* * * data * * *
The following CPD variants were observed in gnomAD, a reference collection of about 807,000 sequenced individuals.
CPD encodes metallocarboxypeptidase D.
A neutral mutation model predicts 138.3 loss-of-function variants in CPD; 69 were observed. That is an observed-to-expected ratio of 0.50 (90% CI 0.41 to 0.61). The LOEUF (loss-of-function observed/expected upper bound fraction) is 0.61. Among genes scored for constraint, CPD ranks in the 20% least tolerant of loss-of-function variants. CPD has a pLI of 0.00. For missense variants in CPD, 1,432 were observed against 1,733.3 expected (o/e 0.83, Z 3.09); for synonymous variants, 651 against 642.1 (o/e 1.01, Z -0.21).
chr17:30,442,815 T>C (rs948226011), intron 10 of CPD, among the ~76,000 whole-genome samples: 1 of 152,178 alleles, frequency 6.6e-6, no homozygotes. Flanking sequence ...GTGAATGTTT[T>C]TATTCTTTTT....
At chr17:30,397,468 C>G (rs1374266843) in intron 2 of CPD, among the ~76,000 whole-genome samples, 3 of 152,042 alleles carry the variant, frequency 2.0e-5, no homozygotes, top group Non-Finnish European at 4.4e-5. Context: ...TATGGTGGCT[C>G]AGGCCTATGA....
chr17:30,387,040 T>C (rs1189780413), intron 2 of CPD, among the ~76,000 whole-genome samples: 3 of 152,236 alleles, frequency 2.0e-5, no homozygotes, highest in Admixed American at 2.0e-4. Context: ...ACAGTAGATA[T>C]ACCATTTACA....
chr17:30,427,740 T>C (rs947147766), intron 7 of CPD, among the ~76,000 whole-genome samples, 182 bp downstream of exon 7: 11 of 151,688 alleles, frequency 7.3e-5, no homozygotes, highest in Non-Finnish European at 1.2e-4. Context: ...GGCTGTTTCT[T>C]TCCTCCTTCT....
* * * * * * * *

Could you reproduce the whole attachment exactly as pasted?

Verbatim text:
The following CPD variants were observed in gnomAD, a reference collection of about 807,000 sequenced individuals.
CPD encodes metallocarboxypeptidase D.
A neutral mutation model predicts 138.3 loss-of-function variants in CPD; 69 were observed. That is an observed-to-expected ratio of 0.50 (90% CI 0.41 to 0.61). The LOEUF (loss-of-function observed/expected upper bound fraction) is 0.61. Among genes scored for constraint, CPD ranks in the 20% least tolerant of loss-of-function variants. CPD has a pLI of 0.00. For missense variants in CPD, 1,432 were observed against 1,733.3 expected (o/e 0.83, Z 3.09); for synonymous variants, 651 against 642.1 (o/e 1.01, Z -0.21).
chr17:30,442,815 T>C (rs948226011), intron 10 of CPD, among the ~76,000 whole-genome samples: 1 of 152,178 alleles, frequency 6.6e-6, no homozygotes. Flanking sequence ...GTGAATGTTT[T>C]TATTCTTTTT....
At chr17:30,397,468 C>G (rs1374266843) in intron 2 of CPD, among the ~76,000 whole-genome samples, 3 of 152,042 alleles carry the variant, frequency 2.0e-5, no homozygotes, top group Non-Finnish European at 4.4e-5. Context: ...TATGGTGGCT[C>G]AGGCCTATGA....
chr17:30,387,040 T>C (rs1189780413), intron 2 of CPD, among the ~76,000 whole-genome samples: 3 of 152,236 alleles, frequency 2.0e-5, no homozygotes, highest in Admixed American at 2.0e-4. Context: ...ACAGTAGATA[T>C]ACCATTTACA....
chr17:30,427,740 T>C (rs947147766), intron 7 of CPD, among the ~76,000 whole-genome samples, 182 bp downstream of exon 7: 11 of 151,688 alleles, frequency 7.3e-5, no homozygotes, highest in Non-Finnish European at 1.2e-4. Context: ...GGCTGTTTCT[T>C]TCCTCCTTCT....